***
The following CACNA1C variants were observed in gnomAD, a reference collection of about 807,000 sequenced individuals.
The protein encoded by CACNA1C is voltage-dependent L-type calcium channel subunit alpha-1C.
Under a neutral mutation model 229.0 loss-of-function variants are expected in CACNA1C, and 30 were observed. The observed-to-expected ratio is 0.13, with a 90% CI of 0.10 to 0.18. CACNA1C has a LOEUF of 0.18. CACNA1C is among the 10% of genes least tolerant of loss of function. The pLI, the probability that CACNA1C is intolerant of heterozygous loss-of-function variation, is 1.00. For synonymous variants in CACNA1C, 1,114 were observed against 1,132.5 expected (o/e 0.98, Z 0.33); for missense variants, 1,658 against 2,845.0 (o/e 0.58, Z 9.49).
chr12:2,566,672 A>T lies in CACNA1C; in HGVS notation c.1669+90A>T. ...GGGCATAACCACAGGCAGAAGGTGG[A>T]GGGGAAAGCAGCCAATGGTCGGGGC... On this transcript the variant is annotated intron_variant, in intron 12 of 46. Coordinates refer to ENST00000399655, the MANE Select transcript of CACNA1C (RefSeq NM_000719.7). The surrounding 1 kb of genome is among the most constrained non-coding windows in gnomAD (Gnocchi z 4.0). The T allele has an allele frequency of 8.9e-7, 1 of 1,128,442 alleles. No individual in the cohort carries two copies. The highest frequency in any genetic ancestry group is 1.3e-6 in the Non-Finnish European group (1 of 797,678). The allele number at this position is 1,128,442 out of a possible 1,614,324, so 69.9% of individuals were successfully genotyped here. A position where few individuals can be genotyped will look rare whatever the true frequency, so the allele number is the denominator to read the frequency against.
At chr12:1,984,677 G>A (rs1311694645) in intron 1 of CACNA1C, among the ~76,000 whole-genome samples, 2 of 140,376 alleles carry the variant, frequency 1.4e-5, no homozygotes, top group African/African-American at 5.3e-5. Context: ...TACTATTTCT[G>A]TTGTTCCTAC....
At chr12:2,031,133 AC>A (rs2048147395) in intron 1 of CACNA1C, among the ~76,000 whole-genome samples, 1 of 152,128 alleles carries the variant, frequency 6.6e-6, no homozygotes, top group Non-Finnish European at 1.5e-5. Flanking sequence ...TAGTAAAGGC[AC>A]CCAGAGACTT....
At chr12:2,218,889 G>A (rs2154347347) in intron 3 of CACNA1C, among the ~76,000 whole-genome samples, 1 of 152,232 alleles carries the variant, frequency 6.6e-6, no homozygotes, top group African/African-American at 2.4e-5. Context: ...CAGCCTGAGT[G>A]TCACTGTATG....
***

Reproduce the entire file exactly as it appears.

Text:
The following CACNA1C variants were observed in gnomAD, a reference collection of about 807,000 sequenced individuals.
The protein encoded by CACNA1C is voltage-dependent L-type calcium channel subunit alpha-1C.
Under a neutral mutation model 229.0 loss-of-function variants are expected in CACNA1C, and 30 were observed. The observed-to-expected ratio is 0.13, with a 90% CI of 0.10 to 0.18. CACNA1C has a LOEUF of 0.18. CACNA1C is among the 10% of genes least tolerant of loss of function. The pLI, the probability that CACNA1C is intolerant of heterozygous loss-of-function variation, is 1.00. For synonymous variants in CACNA1C, 1,114 were observed against 1,132.5 expected (o/e 0.98, Z 0.33); for missense variants, 1,658 against 2,845.0 (o/e 0.58, Z 9.49).
chr12:2,566,672 A>T lies in CACNA1C; in HGVS notation c.1669+90A>T. ...GGGCATAACCACAGGCAGAAGGTGG[A>T]GGGGAAAGCAGCCAATGGTCGGGGC... On this transcript the variant is annotated intron_variant, in intron 12 of 46. Coordinates refer to ENST00000399655, the MANE Select transcript of CACNA1C (RefSeq NM_000719.7). The surrounding 1 kb of genome is among the most constrained non-coding windows in gnomAD (Gnocchi z 4.0). The T allele has an allele frequency of 8.9e-7, 1 of 1,128,442 alleles. No individual in the cohort carries two copies. The highest frequency in any genetic ancestry group is 1.3e-6 in the Non-Finnish European group (1 of 797,678). The allele number at this position is 1,128,442 out of a possible 1,614,324, so 69.9% of individuals were successfully genotyped here. A position where few individuals can be genotyped will look rare whatever the true frequency, so the allele number is the denominator to read the frequency against.
At chr12:1,984,677 G>A (rs1311694645) in intron 1 of CACNA1C, among the ~76,000 whole-genome samples, 2 of 140,376 alleles carry the variant, frequency 1.4e-5, no homozygotes, top group African/African-American at 5.3e-5. Context: ...TACTATTTCT[G>A]TTGTTCCTAC....
At chr12:2,031,133 AC>A (rs2048147395) in intron 1 of CACNA1C, among the ~76,000 whole-genome samples, 1 of 152,128 alleles carries the variant, frequency 6.6e-6, no homozygotes, top group Non-Finnish European at 1.5e-5. Flanking sequence ...TAGTAAAGGC[AC>A]CCAGAGACTT....
At chr12:2,218,889 G>A (rs2154347347) in intron 3 of CACNA1C, among the ~76,000 whole-genome samples, 1 of 152,232 alleles carries the variant, frequency 6.6e-6, no homozygotes, top group African/African-American at 2.4e-5. Context: ...CAGCCTGAGT[G>A]TCACTGTATG....